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20 years of ‘30-days’ prayer

Ramadan begins today for millions of Muslims around the world. And for millions of Christians, that means the start of the 20th edition of ‘30-days’ prayer for the Muslim world.
Although initiated in 1993, this year is the 20th ’30-Days’ prayer season rather than the 19th, as Ramadan is based on the lunar, not the solar, calendar.
So let’s take stock and ask what has happened in these 20 years, drawing from various resources including the 30-days website, www.30-days.net.
On the positive side:
•    Some three million Muslims are estimated to have come to faith in Isa (Jesus) over the past two decades. This is more than the total number since Mohammed died in AD 632.
•    Ministries engaging the internet, radio, satellite television and other media efforts directed toward Muslims have exploded.
•    The amount of literature, CDs, DVDs, Bibles and downloadable resources available for Muslims has increased hugely.
•    The number of actual missionaries working in the Muslim world has grown significantly.
•    Thousands of former Muslims are proclaiming Isa to their peoples.
•    The goal of establishing believing communities among all ethnic group is becoming more of a reality.
•    Awareness about Muslim peoples is greater than ever before (demographics, cultural affinities, history and the progress of the Gospel among them).
•    There are more prayer efforts directed toward the Muslim world than ever before.
•    Muslims are exposed to other cultures and religious beliefs more at the present time than at any point during the last 1,400 years.
•    The 30-Days of Prayer for the Muslim World initiative has drawn millions of Christians worldwide to a united,  annual, global prayer meeting. The prayer guide (in hard copy or downloadable from www.30-days.net) is now produced in more than 42 languages, distributed from over 32 regional offices.
•    The Arab Spring, triggered by the self-immolation of a Tunisian market-vendor just a few months ago, has resulted in the overthrow of several tyrants, and the expression of democratic aspirations of millions of younger Msulims across North Africa and the Middle East.

But there is a down side too.
Over the past 20 years:
•    More Islamic television, internet, radio and other media is available now more than ever before.
•    The number of Muslims and mosques in most Western countries has grown significantly (although birth-rates have dropped among immigrants).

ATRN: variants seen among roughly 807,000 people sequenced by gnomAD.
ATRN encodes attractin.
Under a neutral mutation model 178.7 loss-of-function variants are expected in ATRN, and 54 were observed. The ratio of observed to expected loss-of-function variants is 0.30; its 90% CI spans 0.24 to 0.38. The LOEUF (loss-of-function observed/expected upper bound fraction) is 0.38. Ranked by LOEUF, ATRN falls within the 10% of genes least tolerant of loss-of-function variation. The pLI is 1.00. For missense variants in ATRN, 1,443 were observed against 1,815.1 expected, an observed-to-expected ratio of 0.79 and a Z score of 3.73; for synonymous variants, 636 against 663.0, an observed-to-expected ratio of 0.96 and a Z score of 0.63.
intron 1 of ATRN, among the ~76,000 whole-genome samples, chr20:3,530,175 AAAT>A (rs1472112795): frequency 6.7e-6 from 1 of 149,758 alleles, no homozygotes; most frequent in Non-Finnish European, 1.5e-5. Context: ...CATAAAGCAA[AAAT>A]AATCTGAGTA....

•    Islamist terrorism has become a factor of daily life, as we are reminded each time we check-in at the airport. The attack on 11 September 2001 in New York, followed up by attacks in London, Madrid and Amsterdam have shocked the whole world.
•    These and other attacks inspired two controversial and costly wars in Afghanistan and Iraq as well as many other military and police interventions across the whole world with positive and negative repercussions.
•    A growing Islamic presence in western Europe has become a source of political and social tension for many nations. Secular societies are divided on how to respond. Fear of terrorism and fear of the unknown has bred prejudice and bigotry toward Muslims in most Western countries.
•    The rise of populist anti-Islam right-wing political parties in Holland, Belgium, Finland, France, Germany and elsewhere has led to a politics of half-truths and fear, demanding a response of truth and love from Christians, and a stand for religious freedom.
•    Most recently we have witnessed the emergence of desperate extremist right-wing ‘lone wolves’ attacking fellow Europeans for perceived ‘capitulation’ to Muslims.
Reason for prayer:
Each of these factors, both positive and negative, is a reason for prayer. And not just for Muslims and the Muslim world, but also for our own effective response to the changing situation in our own countries.
As we see our Muslim neighbours disciplining themselves to fast and pray during Ramadan, we ought to be challenged also to a season of prayer for the future of Europe, and of all Europeans, Muslim, Christian and others.  Even the most pessimistic among us can offer the following prayer from 2 Chronicles 20:12: ‘For we are powerless before this great multitude… ; nor do we know what to do, but our eyes are on you.’

Till next week,
 Jeff Fountain

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